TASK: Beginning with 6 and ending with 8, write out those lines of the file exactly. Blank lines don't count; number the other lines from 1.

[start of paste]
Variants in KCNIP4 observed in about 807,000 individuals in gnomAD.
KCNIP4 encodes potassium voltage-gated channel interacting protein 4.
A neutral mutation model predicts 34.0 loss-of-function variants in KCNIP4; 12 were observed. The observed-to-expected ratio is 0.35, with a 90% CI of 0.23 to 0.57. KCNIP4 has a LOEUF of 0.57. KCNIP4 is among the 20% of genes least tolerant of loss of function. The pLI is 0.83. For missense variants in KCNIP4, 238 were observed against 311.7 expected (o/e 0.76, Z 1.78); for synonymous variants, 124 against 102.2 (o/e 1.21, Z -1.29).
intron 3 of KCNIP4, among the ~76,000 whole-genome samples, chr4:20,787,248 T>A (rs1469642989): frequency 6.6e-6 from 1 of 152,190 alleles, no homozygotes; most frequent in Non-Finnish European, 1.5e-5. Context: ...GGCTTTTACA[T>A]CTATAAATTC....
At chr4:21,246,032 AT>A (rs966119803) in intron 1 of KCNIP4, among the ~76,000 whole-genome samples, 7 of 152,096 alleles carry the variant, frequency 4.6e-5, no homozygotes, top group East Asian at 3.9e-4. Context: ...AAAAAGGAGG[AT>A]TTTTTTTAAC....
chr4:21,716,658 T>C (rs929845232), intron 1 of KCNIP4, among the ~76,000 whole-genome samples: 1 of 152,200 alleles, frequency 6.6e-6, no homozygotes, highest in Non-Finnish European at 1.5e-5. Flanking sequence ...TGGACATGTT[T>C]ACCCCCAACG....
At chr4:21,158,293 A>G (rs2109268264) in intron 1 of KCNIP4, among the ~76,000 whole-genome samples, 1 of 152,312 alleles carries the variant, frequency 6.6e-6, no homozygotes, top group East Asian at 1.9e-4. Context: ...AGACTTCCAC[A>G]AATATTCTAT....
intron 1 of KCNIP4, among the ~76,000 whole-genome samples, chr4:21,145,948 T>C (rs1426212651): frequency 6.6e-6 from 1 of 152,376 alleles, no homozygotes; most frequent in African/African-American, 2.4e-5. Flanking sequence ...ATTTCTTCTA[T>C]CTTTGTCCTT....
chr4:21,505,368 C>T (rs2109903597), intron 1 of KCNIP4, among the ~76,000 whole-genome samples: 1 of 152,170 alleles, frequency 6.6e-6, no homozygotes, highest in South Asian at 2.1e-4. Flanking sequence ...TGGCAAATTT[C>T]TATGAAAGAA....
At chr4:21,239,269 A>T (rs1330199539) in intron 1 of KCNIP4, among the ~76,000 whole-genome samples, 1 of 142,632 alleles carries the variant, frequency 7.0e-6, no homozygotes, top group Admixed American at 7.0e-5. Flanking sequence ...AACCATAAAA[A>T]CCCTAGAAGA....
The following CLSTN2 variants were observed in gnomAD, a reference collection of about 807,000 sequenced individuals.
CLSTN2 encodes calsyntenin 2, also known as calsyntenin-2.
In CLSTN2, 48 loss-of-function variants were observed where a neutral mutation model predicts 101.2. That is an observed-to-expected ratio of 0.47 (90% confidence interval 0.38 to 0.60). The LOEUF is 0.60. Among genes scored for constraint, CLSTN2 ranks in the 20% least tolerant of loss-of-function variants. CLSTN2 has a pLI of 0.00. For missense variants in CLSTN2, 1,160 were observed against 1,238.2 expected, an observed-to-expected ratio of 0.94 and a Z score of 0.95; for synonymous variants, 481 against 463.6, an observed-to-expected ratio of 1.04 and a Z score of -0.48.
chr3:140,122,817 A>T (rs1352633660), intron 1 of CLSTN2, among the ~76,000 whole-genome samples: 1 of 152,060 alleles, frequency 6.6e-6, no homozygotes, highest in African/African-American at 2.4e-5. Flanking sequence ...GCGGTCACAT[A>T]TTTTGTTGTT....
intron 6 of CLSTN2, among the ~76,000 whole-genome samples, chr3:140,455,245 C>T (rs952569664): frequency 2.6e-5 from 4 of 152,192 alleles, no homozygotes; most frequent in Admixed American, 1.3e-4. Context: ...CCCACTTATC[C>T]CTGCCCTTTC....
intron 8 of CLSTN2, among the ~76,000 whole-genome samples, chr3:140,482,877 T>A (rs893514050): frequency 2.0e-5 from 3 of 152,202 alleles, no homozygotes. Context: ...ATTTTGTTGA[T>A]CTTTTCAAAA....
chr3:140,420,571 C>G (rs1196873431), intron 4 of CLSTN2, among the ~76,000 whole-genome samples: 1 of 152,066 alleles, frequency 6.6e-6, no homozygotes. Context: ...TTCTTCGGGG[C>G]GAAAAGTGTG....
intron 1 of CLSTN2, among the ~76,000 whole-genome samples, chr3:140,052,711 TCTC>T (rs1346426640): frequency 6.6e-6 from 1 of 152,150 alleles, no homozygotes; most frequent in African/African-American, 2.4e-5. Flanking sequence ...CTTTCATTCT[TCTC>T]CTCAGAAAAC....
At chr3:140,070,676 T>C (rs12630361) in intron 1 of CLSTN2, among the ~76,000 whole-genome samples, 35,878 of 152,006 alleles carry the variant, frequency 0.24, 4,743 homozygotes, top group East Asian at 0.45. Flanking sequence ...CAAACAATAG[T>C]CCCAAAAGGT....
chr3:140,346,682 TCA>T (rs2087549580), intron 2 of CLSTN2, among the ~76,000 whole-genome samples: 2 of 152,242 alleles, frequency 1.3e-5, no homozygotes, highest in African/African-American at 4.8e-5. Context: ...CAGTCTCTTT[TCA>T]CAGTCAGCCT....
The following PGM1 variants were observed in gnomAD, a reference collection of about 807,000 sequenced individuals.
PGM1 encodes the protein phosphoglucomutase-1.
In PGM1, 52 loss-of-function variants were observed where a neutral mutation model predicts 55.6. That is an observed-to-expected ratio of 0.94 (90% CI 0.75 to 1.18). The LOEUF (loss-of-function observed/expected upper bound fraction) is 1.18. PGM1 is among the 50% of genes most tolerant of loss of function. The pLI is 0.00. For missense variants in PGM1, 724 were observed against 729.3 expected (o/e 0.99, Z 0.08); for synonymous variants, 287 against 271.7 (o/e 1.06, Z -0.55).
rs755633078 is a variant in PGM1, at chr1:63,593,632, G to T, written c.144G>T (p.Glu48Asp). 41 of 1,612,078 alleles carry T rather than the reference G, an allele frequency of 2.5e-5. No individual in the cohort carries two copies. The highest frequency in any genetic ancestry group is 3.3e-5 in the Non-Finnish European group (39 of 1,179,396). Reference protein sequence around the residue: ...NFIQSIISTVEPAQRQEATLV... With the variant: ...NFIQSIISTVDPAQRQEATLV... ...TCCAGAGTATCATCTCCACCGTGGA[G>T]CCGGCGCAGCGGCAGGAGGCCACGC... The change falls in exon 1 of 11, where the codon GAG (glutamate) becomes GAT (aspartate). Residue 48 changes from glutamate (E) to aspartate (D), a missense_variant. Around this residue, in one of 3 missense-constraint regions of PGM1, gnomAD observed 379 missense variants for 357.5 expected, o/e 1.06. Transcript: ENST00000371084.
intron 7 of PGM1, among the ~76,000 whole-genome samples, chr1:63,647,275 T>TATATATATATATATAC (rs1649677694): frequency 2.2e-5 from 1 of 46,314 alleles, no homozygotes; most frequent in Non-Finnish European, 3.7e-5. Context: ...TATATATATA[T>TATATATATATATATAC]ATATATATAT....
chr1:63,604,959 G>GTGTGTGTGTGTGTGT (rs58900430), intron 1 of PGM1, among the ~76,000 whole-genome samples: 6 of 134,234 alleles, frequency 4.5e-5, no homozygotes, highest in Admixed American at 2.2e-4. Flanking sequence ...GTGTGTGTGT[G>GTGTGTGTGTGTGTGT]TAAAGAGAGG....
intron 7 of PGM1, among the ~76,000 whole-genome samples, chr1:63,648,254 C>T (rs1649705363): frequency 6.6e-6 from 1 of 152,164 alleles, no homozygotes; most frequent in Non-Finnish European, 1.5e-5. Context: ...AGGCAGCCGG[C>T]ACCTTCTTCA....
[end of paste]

chr4:21,716,658 T>C (rs929845232), intron 1 of KCNIP4, among the ~76,000 whole-genome samples: 1 of 152,200 alleles, frequency 6.6e-6, no homozygotes, highest in Non-Finnish European at 1.5e-5. Flanking sequence ...TGGACATGTT[T>C]ACCCCCAACG....
At chr4:21,158,293 A>G (rs2109268264) in intron 1 of KCNIP4, among the ~76,000 whole-genome samples, 1 of 152,312 alleles carries the variant, frequency 6.6e-6, no homozygotes, top group East Asian at 1.9e-4. Context: ...AGACTTCCAC[A>G]AATATTCTAT....
intron 1 of KCNIP4, among the ~76,000 whole-genome samples, chr4:21,145,948 T>C (rs1426212651): frequency 6.6e-6 from 1 of 152,376 alleles, no homozygotes; most frequent in African/African-American, 2.4e-5. Flanking sequence ...ATTTCTTCTA[T>C]CTTTGTCCTT....